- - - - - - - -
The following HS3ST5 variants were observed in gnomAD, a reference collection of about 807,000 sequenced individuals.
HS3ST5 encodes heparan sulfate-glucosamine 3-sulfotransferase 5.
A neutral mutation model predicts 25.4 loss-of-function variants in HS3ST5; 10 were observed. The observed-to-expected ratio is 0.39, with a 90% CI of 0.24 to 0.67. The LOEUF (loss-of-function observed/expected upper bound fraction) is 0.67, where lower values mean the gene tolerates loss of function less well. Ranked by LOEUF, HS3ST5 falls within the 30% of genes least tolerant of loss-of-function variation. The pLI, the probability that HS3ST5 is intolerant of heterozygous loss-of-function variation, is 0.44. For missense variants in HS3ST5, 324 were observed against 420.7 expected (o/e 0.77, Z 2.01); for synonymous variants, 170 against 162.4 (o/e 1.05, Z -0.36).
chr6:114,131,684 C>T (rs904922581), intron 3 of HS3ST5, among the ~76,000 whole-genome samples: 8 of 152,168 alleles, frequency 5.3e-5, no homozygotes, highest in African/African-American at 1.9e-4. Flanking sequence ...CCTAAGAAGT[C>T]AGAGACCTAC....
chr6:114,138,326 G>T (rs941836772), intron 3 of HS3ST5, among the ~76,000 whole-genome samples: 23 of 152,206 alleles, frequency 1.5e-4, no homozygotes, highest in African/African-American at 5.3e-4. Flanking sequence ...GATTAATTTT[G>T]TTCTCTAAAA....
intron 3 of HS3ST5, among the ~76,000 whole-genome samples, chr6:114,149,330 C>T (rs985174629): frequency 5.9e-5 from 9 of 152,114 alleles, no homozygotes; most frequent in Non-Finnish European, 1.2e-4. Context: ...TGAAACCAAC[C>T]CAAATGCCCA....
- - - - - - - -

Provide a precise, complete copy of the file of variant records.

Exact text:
The following HS3ST5 variants were observed in gnomAD, a reference collection of about 807,000 sequenced individuals.
HS3ST5 encodes heparan sulfate-glucosamine 3-sulfotransferase 5.
A neutral mutation model predicts 25.4 loss-of-function variants in HS3ST5; 10 were observed. The observed-to-expected ratio is 0.39, with a 90% CI of 0.24 to 0.67. The LOEUF (loss-of-function observed/expected upper bound fraction) is 0.67, where lower values mean the gene tolerates loss of function less well. Ranked by LOEUF, HS3ST5 falls within the 30% of genes least tolerant of loss-of-function variation. The pLI, the probability that HS3ST5 is intolerant of heterozygous loss-of-function variation, is 0.44. For missense variants in HS3ST5, 324 were observed against 420.7 expected (o/e 0.77, Z 2.01); for synonymous variants, 170 against 162.4 (o/e 1.05, Z -0.36).
chr6:114,131,684 C>T (rs904922581), intron 3 of HS3ST5, among the ~76,000 whole-genome samples: 8 of 152,168 alleles, frequency 5.3e-5, no homozygotes, highest in African/African-American at 1.9e-4. Flanking sequence ...CCTAAGAAGT[C>T]AGAGACCTAC....
chr6:114,138,326 G>T (rs941836772), intron 3 of HS3ST5, among the ~76,000 whole-genome samples: 23 of 152,206 alleles, frequency 1.5e-4, no homozygotes, highest in African/African-American at 5.3e-4. Flanking sequence ...GATTAATTTT[G>T]TTCTCTAAAA....
intron 3 of HS3ST5, among the ~76,000 whole-genome samples, chr6:114,149,330 C>T (rs985174629): frequency 5.9e-5 from 9 of 152,114 alleles, no homozygotes; most frequent in Non-Finnish European, 1.2e-4. Context: ...TGAAACCAAC[C>T]CAAATGCCCA....